The Lee E. Eshleman Studio Theater was filled with rows of students from a variety of ethnicities Tuesday night at 8 p.m., many of them wearing unusual symbols on their shirts.
Not long into James Madison University’s Intercultural Greek Council step show presentation, which comes as part of the Performing Arts Series, came the shrill calls and special chants specific to certain sororities and fraternities as a way of introducing themselves, and as part of their tradition.
The presentation included students giving background information about their sororities and fraternities. They also explained a bit about the organizations’ mottoes and values, ranging from scholarship to service to friendship. There was also a slideshow of information on these groups narrated by Tenea Lowery.
After the slideshow there was a panel of students answering questions about their organizations. During this forum, students agreed that some of the things they get out of being involved in their organizations are more knowledge on time management, acquiring job skills, and especially networking.
The panelists explained the social benefits of being in a fraternity or sorority. The camaraderie that comes with “crossing” with fellow students creates a bond that can last a lifetime. One student specifically pointed out that it was nice to know that a sorority “sister” was always just a phone call away – even when travelling throughout the country.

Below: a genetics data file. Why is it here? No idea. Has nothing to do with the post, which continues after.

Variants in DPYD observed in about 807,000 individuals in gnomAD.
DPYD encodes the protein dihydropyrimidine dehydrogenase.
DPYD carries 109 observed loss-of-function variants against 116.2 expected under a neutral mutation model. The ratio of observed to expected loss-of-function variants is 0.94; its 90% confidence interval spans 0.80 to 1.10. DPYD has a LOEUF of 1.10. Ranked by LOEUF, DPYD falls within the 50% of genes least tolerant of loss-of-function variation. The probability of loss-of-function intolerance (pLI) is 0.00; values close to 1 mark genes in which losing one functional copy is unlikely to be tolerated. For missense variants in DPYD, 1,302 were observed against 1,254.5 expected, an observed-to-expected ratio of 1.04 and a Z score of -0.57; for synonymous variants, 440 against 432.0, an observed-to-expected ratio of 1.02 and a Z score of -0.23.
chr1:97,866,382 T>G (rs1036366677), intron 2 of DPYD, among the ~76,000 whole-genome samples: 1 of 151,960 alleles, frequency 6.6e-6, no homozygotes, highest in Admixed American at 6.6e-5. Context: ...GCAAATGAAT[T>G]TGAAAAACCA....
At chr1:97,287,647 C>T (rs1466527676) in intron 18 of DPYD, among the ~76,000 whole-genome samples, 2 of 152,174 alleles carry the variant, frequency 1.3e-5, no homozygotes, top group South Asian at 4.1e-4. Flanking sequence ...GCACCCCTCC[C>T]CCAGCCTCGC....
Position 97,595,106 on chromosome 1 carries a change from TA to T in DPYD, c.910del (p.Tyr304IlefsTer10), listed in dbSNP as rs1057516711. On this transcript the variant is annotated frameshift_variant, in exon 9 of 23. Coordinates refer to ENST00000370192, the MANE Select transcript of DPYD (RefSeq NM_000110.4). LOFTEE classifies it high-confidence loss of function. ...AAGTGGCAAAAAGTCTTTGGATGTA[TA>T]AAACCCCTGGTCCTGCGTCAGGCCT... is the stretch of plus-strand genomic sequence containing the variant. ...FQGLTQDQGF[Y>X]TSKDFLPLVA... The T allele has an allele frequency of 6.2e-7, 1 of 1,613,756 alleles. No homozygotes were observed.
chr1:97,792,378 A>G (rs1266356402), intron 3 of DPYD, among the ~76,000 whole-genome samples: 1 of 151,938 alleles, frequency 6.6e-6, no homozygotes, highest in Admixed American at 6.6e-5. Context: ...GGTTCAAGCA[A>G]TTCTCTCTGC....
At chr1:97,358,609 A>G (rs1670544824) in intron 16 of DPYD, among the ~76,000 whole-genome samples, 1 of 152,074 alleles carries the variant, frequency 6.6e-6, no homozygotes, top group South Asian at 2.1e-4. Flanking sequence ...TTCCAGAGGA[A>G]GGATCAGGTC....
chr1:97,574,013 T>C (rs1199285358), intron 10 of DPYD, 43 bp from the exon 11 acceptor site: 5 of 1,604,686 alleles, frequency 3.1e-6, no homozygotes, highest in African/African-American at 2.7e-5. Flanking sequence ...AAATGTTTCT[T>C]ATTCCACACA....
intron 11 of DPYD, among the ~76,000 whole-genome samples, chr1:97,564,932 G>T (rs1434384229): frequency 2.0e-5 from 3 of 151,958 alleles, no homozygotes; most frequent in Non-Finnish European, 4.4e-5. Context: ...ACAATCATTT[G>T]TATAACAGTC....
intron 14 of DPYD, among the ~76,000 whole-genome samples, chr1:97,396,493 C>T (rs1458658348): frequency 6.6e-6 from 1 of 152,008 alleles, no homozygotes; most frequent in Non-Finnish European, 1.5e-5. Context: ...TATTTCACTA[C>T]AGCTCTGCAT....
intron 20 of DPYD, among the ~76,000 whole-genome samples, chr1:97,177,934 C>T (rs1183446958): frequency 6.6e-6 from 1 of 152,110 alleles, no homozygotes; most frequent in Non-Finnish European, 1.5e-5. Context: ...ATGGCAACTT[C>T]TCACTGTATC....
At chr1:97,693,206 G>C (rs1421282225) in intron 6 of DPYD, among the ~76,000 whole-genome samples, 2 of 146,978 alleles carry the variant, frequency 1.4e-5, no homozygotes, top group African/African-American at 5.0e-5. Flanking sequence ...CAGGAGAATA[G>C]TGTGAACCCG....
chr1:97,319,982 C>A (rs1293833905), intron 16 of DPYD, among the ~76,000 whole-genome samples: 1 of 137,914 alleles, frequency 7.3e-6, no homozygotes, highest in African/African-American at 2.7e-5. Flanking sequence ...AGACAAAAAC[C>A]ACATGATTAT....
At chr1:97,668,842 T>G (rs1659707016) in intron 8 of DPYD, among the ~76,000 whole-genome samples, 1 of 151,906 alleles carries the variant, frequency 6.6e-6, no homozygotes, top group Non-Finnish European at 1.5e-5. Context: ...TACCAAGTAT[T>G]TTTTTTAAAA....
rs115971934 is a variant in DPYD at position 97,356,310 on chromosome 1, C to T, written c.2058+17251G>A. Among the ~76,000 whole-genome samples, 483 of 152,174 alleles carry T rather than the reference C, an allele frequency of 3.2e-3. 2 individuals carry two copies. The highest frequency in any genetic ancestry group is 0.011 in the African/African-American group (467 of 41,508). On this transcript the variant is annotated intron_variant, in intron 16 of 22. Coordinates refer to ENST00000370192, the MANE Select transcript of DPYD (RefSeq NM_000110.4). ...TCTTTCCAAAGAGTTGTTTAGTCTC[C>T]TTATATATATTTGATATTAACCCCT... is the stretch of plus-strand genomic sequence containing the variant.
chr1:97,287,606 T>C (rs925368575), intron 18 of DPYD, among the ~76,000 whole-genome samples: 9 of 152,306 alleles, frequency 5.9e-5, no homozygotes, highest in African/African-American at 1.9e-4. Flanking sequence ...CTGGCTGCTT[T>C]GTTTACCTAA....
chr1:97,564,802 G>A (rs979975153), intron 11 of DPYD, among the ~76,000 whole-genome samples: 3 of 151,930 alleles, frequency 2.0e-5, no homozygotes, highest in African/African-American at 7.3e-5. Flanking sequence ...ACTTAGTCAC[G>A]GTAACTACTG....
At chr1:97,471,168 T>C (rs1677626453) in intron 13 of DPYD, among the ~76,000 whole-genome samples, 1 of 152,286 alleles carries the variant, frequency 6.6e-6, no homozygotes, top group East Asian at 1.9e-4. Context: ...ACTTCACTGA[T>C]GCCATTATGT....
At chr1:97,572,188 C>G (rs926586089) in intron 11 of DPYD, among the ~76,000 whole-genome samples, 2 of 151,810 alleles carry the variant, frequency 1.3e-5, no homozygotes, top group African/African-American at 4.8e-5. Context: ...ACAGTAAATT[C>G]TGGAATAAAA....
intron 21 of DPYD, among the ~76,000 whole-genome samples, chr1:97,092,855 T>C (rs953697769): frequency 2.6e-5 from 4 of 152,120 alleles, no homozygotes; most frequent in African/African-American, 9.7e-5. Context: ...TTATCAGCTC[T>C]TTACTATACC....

“I thought it was good to have a little interaction with JMU,” said Senior Carmen Miller. “I hope that it sparks more interaction with JMU.”
One requirement for joining these organizations is usually a GPA of 2.5 or higher. Members stated that joining these groups is often a lifelong commitment. They told stories about graduate members who chose to stay involved in the programs even into their 80’s and beyond.
The actual step dances only happened at the very beginning and the very end of the presentation.
The dance that started the presentation included 12 newly “crossed” sorority sisters in green shirts, who danced a well-choreographed routine of slaps, stomps, and chants. At the end, only three fraternity brothers participated in the actual dance, which consisted of jumping, slapped knees and rhythmic stomping.
Although the entire presentation lasted an hour, the two dances only lasted about five minutes and left many of the attendees disappointed.
“I think the most prominent opinion was disappointment that there wasn’t more of a performance,” said Miller.
“I thought it was really cool and I enjoyed the information,” said Junior Cody Walker, “but I expected it to be more of a step dance show.”
Although the feeling of disappointment was common among attendees, students enjoyed hearing about JMU’s different sororities and fraternities, and felt that this event could lead to further interaction between the schools.